My Funny Little Tractor


| July/August 1997



25 E. Larsen Fresno, California 93706 .

On a recent trip to the Umpaq Valley of North Dakota to see family and friends, I was invited along on a family picnic to the country. A lot of the younger people had their motorcycles and ATV's along and were playing on a nearby hill. Being so far from town, this was the popular thing to do after chores or after church on Sunday.

I happened to notice some strange tracks on the ground, much like Caterpillar tracks, and when I asked, they told me of a neighbor who had this antique tractor that they had tried out on the slopes just for fun the week before. When I showed interest they suggested we go get it; it was only twenty miles away. And, so we did.

This was the strangest little tractor I'd ever seen, and I was impressed with it right away. It was a single-track type crawler with a two wheel driver's cart and a steering wheel to guide it. The boys invited the owner along for lunch, and we loaded it up and headed back to the outing. They said it was a little slow and cumbersome but a great little hill climber. They .warned me about the crank not disengaging on startup. I'm glad they told me as I might have broken an arm on it. You've got to let go quickly!

Back at the picnic, as we finished our lunch I really had no interest in eating. My mind was on nothing but the 'Little Fella' we'd brought along. I expressed my interest, and as the little tractor had no name tag for identification, I nicknamed it 'Greenie' after its dull green paint job. The owner corrected me and said that he thought it was a 'Bea' for he had discerned a barely legible 'John Bea' on the inside of one of the castings. The boys preferred 'Greenie' to 'Bea' and that's what stuck for the rest of my stay in the Umpaq Valley.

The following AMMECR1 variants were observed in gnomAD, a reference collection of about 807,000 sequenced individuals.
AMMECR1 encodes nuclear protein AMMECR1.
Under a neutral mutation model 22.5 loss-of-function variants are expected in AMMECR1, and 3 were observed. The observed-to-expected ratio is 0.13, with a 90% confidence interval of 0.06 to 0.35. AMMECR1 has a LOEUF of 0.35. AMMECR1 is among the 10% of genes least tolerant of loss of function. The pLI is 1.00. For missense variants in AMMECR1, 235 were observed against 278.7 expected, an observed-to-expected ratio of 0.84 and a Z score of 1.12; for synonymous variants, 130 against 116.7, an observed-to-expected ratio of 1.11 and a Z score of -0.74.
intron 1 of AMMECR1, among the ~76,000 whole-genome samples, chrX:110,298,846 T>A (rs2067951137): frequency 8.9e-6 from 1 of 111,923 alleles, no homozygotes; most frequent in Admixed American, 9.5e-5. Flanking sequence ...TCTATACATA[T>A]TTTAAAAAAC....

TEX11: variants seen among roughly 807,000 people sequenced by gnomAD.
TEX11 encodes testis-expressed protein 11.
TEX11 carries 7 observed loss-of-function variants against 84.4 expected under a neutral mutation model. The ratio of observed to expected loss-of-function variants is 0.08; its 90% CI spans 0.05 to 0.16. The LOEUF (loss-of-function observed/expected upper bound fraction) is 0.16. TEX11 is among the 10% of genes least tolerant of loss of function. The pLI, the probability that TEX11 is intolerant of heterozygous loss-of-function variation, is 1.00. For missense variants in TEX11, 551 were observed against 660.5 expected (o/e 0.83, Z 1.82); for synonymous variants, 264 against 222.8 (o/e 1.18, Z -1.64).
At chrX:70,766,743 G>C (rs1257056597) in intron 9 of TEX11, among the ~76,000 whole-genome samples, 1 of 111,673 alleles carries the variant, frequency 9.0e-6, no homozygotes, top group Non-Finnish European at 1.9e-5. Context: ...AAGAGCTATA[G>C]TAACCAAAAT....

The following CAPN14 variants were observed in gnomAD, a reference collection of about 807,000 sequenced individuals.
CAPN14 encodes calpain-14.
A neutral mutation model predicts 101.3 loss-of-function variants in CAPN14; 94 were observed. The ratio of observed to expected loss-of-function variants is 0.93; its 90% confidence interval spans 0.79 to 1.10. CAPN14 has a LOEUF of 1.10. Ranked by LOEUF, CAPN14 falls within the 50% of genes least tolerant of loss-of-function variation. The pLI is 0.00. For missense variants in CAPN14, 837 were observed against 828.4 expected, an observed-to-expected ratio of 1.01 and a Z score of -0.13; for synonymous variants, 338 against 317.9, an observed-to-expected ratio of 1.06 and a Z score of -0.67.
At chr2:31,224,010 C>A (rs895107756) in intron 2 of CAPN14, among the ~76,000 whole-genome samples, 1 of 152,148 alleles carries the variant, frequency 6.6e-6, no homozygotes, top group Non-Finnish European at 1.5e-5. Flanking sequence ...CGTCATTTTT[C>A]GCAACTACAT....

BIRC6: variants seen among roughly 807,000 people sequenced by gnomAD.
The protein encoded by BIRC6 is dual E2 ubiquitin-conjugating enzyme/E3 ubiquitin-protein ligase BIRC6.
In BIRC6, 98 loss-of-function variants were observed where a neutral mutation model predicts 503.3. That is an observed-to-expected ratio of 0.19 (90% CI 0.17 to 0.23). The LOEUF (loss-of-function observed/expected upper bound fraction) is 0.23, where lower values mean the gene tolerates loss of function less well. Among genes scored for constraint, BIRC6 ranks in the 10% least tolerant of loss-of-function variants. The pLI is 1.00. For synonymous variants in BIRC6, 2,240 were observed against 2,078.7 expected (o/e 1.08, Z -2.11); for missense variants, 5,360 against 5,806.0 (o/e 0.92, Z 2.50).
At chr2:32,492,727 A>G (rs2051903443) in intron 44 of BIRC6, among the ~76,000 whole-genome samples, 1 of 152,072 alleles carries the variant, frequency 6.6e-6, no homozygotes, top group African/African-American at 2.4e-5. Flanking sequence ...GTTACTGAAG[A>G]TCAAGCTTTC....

Greenie was a strange design alright, as if the designer had tried to stay narrow and only built it with one track. But then he had to widen out with the two wheels on the driver's cart to keep it from falling over! The boys were right; it was very hard to steer because of its articulated design, but it would almost climb a tree! Its Caterpillar type track had cleats that got a very good bite and nothing would stop it except the truly perpendicular. Its large front wheel (idler) could easily roll over any rough spot and its smaller, rear drive sprocket assured plenty of power to the track.